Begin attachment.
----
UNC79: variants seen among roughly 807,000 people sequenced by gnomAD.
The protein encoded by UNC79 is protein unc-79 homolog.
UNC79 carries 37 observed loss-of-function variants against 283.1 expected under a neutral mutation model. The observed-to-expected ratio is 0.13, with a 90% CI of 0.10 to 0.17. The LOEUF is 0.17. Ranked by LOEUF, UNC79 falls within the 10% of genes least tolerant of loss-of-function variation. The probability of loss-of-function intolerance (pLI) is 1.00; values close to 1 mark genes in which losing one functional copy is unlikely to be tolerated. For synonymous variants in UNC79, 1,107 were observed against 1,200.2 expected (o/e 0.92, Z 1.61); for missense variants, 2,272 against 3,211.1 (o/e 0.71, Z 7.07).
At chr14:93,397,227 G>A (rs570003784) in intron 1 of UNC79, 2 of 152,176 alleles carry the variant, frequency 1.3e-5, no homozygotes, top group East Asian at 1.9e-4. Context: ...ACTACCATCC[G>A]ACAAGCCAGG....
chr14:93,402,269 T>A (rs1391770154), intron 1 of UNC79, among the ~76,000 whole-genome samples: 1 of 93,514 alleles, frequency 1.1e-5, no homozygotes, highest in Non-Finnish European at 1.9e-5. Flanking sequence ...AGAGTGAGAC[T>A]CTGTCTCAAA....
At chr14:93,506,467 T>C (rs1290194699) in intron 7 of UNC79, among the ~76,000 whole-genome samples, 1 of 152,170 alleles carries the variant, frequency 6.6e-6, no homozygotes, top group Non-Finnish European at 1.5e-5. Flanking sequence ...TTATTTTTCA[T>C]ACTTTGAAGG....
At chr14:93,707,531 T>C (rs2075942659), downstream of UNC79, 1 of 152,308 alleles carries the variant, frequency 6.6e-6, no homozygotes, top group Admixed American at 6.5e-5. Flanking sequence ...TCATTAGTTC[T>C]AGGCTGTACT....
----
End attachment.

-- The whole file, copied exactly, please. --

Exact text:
UNC79: variants seen among roughly 807,000 people sequenced by gnomAD.
The protein encoded by UNC79 is protein unc-79 homolog.
UNC79 carries 37 observed loss-of-function variants against 283.1 expected under a neutral mutation model. The observed-to-expected ratio is 0.13, with a 90% CI of 0.10 to 0.17. The LOEUF is 0.17. Ranked by LOEUF, UNC79 falls within the 10% of genes least tolerant of loss-of-function variation. The probability of loss-of-function intolerance (pLI) is 1.00; values close to 1 mark genes in which losing one functional copy is unlikely to be tolerated. For synonymous variants in UNC79, 1,107 were observed against 1,200.2 expected (o/e 0.92, Z 1.61); for missense variants, 2,272 against 3,211.1 (o/e 0.71, Z 7.07).
At chr14:93,397,227 G>A (rs570003784) in intron 1 of UNC79, 2 of 152,176 alleles carry the variant, frequency 1.3e-5, no homozygotes, top group East Asian at 1.9e-4. Context: ...ACTACCATCC[G>A]ACAAGCCAGG....
chr14:93,402,269 T>A (rs1391770154), intron 1 of UNC79, among the ~76,000 whole-genome samples: 1 of 93,514 alleles, frequency 1.1e-5, no homozygotes, highest in Non-Finnish European at 1.9e-5. Flanking sequence ...AGAGTGAGAC[T>A]CTGTCTCAAA....
At chr14:93,506,467 T>C (rs1290194699) in intron 7 of UNC79, among the ~76,000 whole-genome samples, 1 of 152,170 alleles carries the variant, frequency 6.6e-6, no homozygotes, top group Non-Finnish European at 1.5e-5. Flanking sequence ...TTATTTTTCA[T>C]ACTTTGAAGG....
At chr14:93,707,531 T>C (rs2075942659), downstream of UNC79, 1 of 152,308 alleles carries the variant, frequency 6.6e-6, no homozygotes, top group Admixed American at 6.5e-5. Flanking sequence ...TCATTAGTTC[T>C]AGGCTGTACT....